Many forum users report fairly quick weight loss after stopping the medication. It seems that lots of effort has to go into losing SSRI weight - the weight does not just melt-off because you've stopped the meds. Many former SSRI users also report feeling hypoglicemic (see below) even after stopping the medication. This makes weight loss more difficult.

Personally, I'm still looking for a combination of diet and exercise that will pay off quickly. I find that I am still wobbly or dizzy if I don't eat on a regular schedule. I've found that eating a sufficient amount of protein- particularly in the morning is very helpful in achieving my exercise and nutrition goals for the day. I am still unhappy with how extensive the visible dimpling is on my belly, thighs and back of the arms. This is puzzling, because I am otherwise well-muscled. I am concerned that this is another specific trait of SSRI weight gain.

4. How do you lose the extra pounds once you've gotten off an SSRI?
Let me know how you are achieving your weight loss goal. I am compiling weight gain/loss experiences on SSRIs - and am looking for personal answers to this and the other questions posed. I am particularly interested in learning whether there are people who have managed to stop and reverse SSRI weight gain while still taking the meds and how they did this. Please e-mail me at ssriweight@gmail.com. My goal is to share all helpful information received.


SSRIs and weight gain in a nutshell:

* Why do SSRIs cause weight gain? The reason is unknown - Many forum users report feeling weak, dizzy and frequently hungry while on the medication. There are also formal studies showing that hypoglicemia is common among SSRI users. It is interesting to note that some people report unpleasant feelings of weakness when they don't eat even after stopping SSRIs. 

*Do SSRIs permanently change your metabolism? This is also not known. But hypoglicemia may indicate increased insulin levels in the blood.  This is an interesting possibility, as many people report gaining weight while on SSRIs while cutting calories and exercising. 

* Are certain SSRIs more likely to cause weight gain? Revolution Health compiled the following list: Likely to cause weight gain -- Paxil, Lexapro, Marplan. Less likely -- Prozac, Luvox, Zoloft, Celexa and Wellbutrin. Anecdotally, I've found forum users attesting to weight gain on all these SSRIs as well as on others in the market. There does not appear to be a particular SSRI that protects the user from weight gain.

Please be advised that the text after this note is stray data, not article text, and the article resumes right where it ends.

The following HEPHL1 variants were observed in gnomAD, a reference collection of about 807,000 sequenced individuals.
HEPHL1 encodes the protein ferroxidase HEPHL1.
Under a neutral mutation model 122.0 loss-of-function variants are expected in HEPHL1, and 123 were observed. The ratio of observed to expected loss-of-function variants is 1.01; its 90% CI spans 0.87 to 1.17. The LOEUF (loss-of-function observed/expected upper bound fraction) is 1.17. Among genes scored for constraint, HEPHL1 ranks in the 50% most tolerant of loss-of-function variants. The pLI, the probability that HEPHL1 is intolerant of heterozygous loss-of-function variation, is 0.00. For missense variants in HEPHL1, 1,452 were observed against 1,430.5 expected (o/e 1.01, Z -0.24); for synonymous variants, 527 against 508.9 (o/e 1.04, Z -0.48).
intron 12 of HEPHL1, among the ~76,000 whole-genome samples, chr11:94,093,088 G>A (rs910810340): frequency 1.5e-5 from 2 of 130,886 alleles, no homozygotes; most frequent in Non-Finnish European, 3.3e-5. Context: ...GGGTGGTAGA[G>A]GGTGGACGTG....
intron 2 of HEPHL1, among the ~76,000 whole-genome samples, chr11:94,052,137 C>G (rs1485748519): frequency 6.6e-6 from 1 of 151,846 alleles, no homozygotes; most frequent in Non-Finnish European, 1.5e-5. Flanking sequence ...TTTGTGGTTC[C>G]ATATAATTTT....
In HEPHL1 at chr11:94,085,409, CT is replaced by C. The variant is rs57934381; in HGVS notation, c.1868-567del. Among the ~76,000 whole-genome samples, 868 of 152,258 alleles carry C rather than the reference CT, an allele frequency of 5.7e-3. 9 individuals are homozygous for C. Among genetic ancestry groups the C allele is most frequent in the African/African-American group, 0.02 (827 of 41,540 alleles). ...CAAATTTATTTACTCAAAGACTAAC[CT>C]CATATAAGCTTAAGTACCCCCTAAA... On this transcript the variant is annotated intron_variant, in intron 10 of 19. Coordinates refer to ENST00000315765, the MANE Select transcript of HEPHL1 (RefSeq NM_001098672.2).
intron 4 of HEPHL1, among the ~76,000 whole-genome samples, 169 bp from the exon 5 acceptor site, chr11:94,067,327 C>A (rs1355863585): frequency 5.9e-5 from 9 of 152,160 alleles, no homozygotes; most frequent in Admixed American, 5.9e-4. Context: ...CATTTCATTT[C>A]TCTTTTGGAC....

* How quickly do SSRIs cause weight gain? A review published in 2003 by the Cleveland Clinic stated that while weight gain is a possible side effect with an SSRI it may be more likely after 6 months of use. SSRI forum participants report weight gain at various times - shortly after beginning the medication or years after. 

* Does switching SSRIs help? According to an article on WebMD switching drugs may help. I've fund no anecdotal information from from forum users backing this idea. 


citalopram (Celexa, Cipramil, Cipram, Dalsan, Recital, Emocal, Sepram, Seropram, Citox) dapoxetine (Priligy) escitalopram (Lexapro, Cipralex, Esertia) fluoxetine (Prozac, Fontex, Seromex, Seronil, Sarafem, Ladose, Fluctin (EUR), Fluox (NZ), Depress (UZB), Lovan (AUS)) fluvoxamine (Luvox, Fevarin, Faverin, Dumyrox, Favoxil, Movox) indalpine (Upstene) (discontinued) paroxetine (Paxil, Seroxat, Sereupin, Aropax, Deroxat, Divarius, Rexetin, Xetanor, Paroxat, Loxamine) sertraline (Zoloft, Lustral, Serlain) zimelidine (Zelmid, Normud) (discontinued)